Open Access

Accumulation of Kv7.2 channels in putative ectopic transduction zones of mice nerve-end neuromas

Molecular Pain20117:58

Received: 1 March 2011

Accepted: 14 August 2011

Published: 14 August 2011



Modulation of M-type currents has been proposed as a new strategy for the treatment of neuropathic pain due to their role in regulating neuronal excitability. Using electrophysiological techniques we showed previously that the opening of Kv7 channels with retigabine, blocked ectopic discharges from axotomized fibers but did not alter transduction at intact skin afferents. We hypothesized that after nerve damage, accumulation of Kv7 channels in afferent fibers may increase M-type currents which then acquired a more important role at regulating fiber excitability.


In this study, we used an immunohistochemical approach to examine patterns of expression of Kv7.2 channels in afferent fibers after axotomy and compared them to patterns of expression of voltage gated Na+ channels (Nav) which are key electrogenic elements in peripheral axons known to accumulate in experimental and human neuromas.

Axotomy induced an enlargement and narrowing of the nodes of Ranvier at the proximal end of the neuroma together with a dramatic demyelination and loss of structure at its distal end in which naked accumulations of Nav were present. In addition, axotomy also induced accumulations of Kv7.2 that co-localized with those of Nav channels.


Whilst Nav channels are mandatory for initiation of action potentials, (i.e. responsible for the generation/propagation of ectopic discharges) an increased accumulation of Kv7.2 channels after axotomy may represent a homeostatic compensation to over excitability in axotomized fibers, opening a window for a peripheral action of M-current modulators under conditions of neuropathy.


Recent data from our laboratory showed that the specific Kv7 channel opener, retigabine, blocked ectopic discharges recorded from single axotomized fibers in response to stimulation of the neuroma [1]. This action was not modality specific but rather dependent upon hyperpolarization. However, modulation of M-currents did not change responses to stimulation of intact skin receptors. On the basis of these experimental observations we proposed that the prominent role of M-type currents newly acquired after axotomy emerged as a consequence of the accumulation of Kv7 channels in the vicinity of newly formed transduction zones known to occur at neuromatose endings.

Nerve damage has been shown to produce local demyelination and disruption of the molecular organization of nodes [2] characterized by large accumulations of voltage gated Na+ channels (Nav) which are essential for the initiation of action potentials [36]. M-type currents have an important role stabilizing membrane potential at rest [7] and preliminary data suggest that ion channel rearrangement at ectopic areas could include an altered expression of Kv7 subunits [8].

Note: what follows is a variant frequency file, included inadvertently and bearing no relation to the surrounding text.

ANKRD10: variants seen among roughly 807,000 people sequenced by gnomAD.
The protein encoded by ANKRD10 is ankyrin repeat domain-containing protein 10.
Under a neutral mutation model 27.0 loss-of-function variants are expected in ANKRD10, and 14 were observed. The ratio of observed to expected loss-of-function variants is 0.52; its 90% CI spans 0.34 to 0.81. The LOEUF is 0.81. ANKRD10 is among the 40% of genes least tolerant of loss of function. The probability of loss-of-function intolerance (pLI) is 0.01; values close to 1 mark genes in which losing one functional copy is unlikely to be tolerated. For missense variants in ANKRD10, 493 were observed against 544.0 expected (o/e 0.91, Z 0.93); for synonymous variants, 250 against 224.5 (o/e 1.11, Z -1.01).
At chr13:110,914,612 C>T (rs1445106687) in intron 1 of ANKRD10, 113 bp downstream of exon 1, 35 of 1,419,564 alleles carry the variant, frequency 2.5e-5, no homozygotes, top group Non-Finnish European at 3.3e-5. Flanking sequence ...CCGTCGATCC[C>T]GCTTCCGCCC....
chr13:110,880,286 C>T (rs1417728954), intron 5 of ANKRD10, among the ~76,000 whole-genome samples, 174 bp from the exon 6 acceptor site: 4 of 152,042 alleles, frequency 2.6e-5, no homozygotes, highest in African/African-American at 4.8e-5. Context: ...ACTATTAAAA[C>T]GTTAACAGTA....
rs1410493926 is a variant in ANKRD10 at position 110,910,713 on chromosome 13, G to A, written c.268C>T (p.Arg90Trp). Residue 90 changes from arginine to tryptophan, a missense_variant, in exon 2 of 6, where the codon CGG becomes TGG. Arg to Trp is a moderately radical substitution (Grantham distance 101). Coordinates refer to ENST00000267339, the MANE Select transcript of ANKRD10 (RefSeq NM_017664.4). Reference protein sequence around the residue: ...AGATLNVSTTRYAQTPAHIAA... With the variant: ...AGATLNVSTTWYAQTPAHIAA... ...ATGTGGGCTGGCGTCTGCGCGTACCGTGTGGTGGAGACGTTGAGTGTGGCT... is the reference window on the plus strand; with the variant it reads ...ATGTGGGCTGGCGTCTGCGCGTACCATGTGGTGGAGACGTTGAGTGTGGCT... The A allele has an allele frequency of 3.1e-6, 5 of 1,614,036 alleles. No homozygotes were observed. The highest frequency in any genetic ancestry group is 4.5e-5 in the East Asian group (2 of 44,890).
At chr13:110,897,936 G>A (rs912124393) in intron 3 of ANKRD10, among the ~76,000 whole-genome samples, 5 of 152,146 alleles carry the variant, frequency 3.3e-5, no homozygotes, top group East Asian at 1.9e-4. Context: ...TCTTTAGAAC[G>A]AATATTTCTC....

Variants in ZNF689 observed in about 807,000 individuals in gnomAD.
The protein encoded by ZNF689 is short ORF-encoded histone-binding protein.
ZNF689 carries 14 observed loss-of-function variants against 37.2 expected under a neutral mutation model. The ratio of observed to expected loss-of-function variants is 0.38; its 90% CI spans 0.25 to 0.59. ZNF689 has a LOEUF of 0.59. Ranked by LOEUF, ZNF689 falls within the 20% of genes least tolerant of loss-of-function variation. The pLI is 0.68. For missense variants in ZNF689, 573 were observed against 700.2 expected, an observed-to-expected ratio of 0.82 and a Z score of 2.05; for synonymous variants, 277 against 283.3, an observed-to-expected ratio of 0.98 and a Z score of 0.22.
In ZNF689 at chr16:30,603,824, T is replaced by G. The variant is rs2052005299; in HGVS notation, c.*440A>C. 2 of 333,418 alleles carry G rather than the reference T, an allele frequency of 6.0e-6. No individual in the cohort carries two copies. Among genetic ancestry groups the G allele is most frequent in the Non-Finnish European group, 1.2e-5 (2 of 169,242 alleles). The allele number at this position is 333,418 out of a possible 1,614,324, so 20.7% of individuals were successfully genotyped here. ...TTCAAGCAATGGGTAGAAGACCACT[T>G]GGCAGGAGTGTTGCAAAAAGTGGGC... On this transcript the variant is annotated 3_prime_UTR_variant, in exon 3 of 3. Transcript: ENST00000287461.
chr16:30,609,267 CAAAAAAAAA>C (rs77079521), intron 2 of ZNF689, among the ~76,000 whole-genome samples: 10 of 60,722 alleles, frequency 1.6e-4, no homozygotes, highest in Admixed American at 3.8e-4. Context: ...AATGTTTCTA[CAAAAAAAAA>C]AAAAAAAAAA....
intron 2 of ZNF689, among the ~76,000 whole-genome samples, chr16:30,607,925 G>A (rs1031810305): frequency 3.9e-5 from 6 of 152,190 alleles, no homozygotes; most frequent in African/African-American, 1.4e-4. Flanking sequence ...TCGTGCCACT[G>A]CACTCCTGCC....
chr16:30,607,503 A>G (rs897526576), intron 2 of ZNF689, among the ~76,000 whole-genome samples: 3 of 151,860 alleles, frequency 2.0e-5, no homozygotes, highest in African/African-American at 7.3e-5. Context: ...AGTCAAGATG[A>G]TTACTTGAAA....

Several lines of evidence suggest the presence of Kv7 channels/M-type currents at specialized receptor endings [9, 10] and at nodes of Ranvier co-localizing with Nav channels [11, 12]. Although there is no data on the distribution of Kv7 channels along unmyelinated axons, they are present in small diameter dorsal root ganglion neurons [13, 14]. Kv7.2 is the subunit predominantly expressed in nodes of Ranvier [11, 12, 15] and may form homomeric channels to yield particular M-type currents [12].

Here we have examined Kv7.2 channel reorganization at aberrant transduction zones produced by saphenous nerve sectioning to further understand the enhanced role of M-type currents after axotomy. To this end, we have used Nav channel labeling as a marker of nodes and putative transduction zones formed after axotomy.

Findings and discussion

The antibodies used in this study as well as the dilution conditions, are specified in table 1. Nodes were marked by the expression of Nav channels using a Pan Nav antibody. In order to study the expression of Kv7.2 we used five different antibodies which yielded similar results. PanNav and Kv7.2 immunofluorescence at nodes of Ranvier was eliminated by preincubation of each of the antibodies with the same concentration of the control antigen peptide (data not shown). Additional markers were used for myelin (Myelin P2), paranodal (CASPR) and juxtaparanodal areas (Pan NF).
Table 1

Antibodies, dilutions and sources



Manufacturer, species antibody was raised in, mono- vs. Polyclonal

Dilution used

Pan Nav

1500-1518 aa of the α-subunit of Voltage Gated Sodium Channels

Chemicon, Rabbit,



Myelin P2

The epitope for sc-49303 maps within amino acids 50-100 in the internal region of Myelin P2 of human origin (accession #P02689)

Santa Cruz, Goat,




Fusion protein 1308-1381 (cytoplasmic domain) of rat Caspr (accession number #P97846)

NeuroMab (UC Davis, Davis CA), mouse monoclonal, clone K65/35


Pan NF

Fusion protein 1066-1174 (intracellular domain common to NF -155 and NF-186) of rat NF-155 (accession number AAL27854)

NeuroMab (UC Davis, Davis CA), mouse monoclonal, clone L11A/41



aa 578-593 at the C-terminal domain

Alomone, rabbit, polyclonal



aa 578-593 at the C-terminal domain

Chemicon, rabbit, polyclonal



aa 578-593 at the C-terminal domain

Sigma, rabbit, polyclonal



C-18; The epitope for sc-7792 maps within the last 50 amino acids at the C-terminus of KCNQ2 of human origin (accesion #O43526)

Santa Cruz, goat,




N-19; The epitope for sc-7793 maps within the first 50 amino acids at the N-terminus of KCNQ2 of human origin (accession #O43526)

Santa Cruz, goat,



Using our protocols and selection of antibodies, it was possible to identify and follow single fibers in our tissue samples of normal nerves (see Figure 1). Accumulations of Nav and Kv7.2 were flanked by depositions of any of the other markers at nodes of Ranvier. In between nodes, prolonged extensions of myelin were found. The staining patterns for all antisera were similar to what has been described in previous reports by other groups [2, 5, 11, 12, 16, 17].
Figure 1